From pancake breakfasts to movie nights, our homes fill with memories with which we may not wish to part simply because of physical limitations. Whether age or a medical condition is complicating a homeowner’s life, various changes can ensure a family will thrive in a residence well into the “golden years.”
Certified Aging in Place Specialists, or CAPS – a national certified training test for design and installation of universal features in homes – can help generate ideas for making an abode more accessible regardless of physical capabilities. Jointly sponsoring CAPS are the distinguished American Association for Retired Persons and the National Association of Home Builders.
The first step customarily involves analyzing current residential conditions, assessing the areas that pose navigational challenges today and trying to predict those that will prove problematic tomorrow. Features like wide doorways may seem trivial now, but in 15 years, when mobility becomes an issue, they may prove a godsend.
Modifications can be made to a house’s exterior to maximize convenience. For example, bright lights that illuminate walkways aid visibility when entering and exiting the residence, while decks and patios can be adjusted to incorporate fewer stairs. Modifications also can be made without drastically altering the appearance of the house, like ramps and inclined walkways with handrails that can be creatively integrated to look natural and upscale. Updating exterior materials to lower-maintenance elements like vinyl siding, composite decking and easy-to-care-for landscaping makes another good way to keep a residence manageable.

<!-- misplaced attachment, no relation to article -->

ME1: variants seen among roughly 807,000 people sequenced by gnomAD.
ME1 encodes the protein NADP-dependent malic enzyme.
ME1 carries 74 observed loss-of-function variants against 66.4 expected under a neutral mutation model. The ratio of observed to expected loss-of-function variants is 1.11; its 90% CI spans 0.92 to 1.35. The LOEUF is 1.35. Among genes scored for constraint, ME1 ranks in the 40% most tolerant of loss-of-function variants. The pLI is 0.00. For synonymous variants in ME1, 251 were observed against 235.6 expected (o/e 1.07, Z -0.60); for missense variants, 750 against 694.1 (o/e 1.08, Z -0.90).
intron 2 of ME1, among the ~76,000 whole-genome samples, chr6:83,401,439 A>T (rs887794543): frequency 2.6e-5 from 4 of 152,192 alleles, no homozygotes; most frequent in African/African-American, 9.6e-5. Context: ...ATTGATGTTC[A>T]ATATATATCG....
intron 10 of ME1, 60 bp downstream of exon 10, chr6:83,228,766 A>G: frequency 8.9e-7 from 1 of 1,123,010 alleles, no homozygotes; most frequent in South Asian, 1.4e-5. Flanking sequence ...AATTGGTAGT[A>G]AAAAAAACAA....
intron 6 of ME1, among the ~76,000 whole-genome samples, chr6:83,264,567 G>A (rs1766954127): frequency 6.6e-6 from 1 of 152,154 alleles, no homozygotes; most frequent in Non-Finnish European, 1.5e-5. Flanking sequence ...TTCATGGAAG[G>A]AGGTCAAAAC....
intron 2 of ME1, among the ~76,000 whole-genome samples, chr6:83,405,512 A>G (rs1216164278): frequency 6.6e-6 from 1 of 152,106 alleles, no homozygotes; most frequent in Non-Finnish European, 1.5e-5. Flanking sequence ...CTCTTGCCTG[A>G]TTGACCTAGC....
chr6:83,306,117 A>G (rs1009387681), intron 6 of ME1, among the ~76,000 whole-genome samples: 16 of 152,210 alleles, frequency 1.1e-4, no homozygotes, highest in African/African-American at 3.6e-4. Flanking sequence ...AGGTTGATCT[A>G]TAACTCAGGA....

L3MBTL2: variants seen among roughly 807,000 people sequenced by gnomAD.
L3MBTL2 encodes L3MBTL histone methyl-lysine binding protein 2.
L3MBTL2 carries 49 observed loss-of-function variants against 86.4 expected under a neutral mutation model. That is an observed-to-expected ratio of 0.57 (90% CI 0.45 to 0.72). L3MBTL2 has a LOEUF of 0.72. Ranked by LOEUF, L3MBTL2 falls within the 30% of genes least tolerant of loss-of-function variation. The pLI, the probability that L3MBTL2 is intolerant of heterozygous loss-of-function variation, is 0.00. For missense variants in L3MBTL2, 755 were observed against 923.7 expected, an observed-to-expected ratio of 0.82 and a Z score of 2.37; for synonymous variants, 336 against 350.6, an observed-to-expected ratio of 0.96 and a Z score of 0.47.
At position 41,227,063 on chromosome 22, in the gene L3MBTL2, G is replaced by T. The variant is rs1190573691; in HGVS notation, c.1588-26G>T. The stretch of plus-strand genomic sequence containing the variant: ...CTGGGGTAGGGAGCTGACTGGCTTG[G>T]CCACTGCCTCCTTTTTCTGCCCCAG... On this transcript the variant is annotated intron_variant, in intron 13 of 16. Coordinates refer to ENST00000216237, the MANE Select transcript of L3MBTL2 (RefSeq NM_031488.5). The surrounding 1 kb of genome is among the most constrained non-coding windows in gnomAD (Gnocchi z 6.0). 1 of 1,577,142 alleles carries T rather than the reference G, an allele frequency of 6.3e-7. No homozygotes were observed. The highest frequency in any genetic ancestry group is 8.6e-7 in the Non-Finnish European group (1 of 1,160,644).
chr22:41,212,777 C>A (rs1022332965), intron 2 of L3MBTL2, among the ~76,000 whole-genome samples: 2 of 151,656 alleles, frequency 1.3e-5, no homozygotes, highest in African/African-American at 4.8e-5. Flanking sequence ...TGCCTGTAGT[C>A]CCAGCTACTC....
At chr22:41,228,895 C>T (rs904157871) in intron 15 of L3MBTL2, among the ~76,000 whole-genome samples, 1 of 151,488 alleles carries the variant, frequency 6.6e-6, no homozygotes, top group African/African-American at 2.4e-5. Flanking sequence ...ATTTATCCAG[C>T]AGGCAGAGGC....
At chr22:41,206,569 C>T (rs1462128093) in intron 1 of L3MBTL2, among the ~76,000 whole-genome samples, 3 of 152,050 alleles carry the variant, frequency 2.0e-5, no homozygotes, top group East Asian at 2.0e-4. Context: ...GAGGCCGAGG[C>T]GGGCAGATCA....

Although a single-level house remains ideal for accessibility-challenged individuals, having a multistory abode doesn’t necessarily warrant a move. Professionals may be able to reconfigure the space for easy mobility. Smaller projects, such as installing flush thresholds between rooms, can make a significant difference, while larger projects, like relocating the master suite to the first floor, can make everything more accessible. Another option involves adding an elevator to upper floors. In any of these situations, enlisting help from a CAPS-certified expert remains a smart way to go, as suggested earlier.
The bathroom constitutes another area that can be unsafe if not properly outfitted. Barrier-free showers allow easy access for seniors or people in wheelchairs, while grab bars, slip-resistant flooring and shower seats help prevent falls. Features like lever handles, pedal-controlled and voice-activated faucets, and toilet tissue holders that can be changed with one hand reflect small but calculated upgrades.
The preceding presents just a few ways to update a space so it adapts seamlessly to changing needs. Moreover, it bears emphasizing that these adjustments needn’t look institutional and out of place. Nowadays, more choices than ever before exist when it comes to accessible design products.
A homeowner needn’t sacrifice style and beauty when designing a residence that works well – and continues to do so down through the years.
Tanya Yaacoub grew up with a passion for fabric, which led to her passion for design. As a member of the Mosby Building Arts team, she enjoys working on residential design because she gets to meet new people, help them solve issues or problems they have with their homes – and make those homes more personal to them.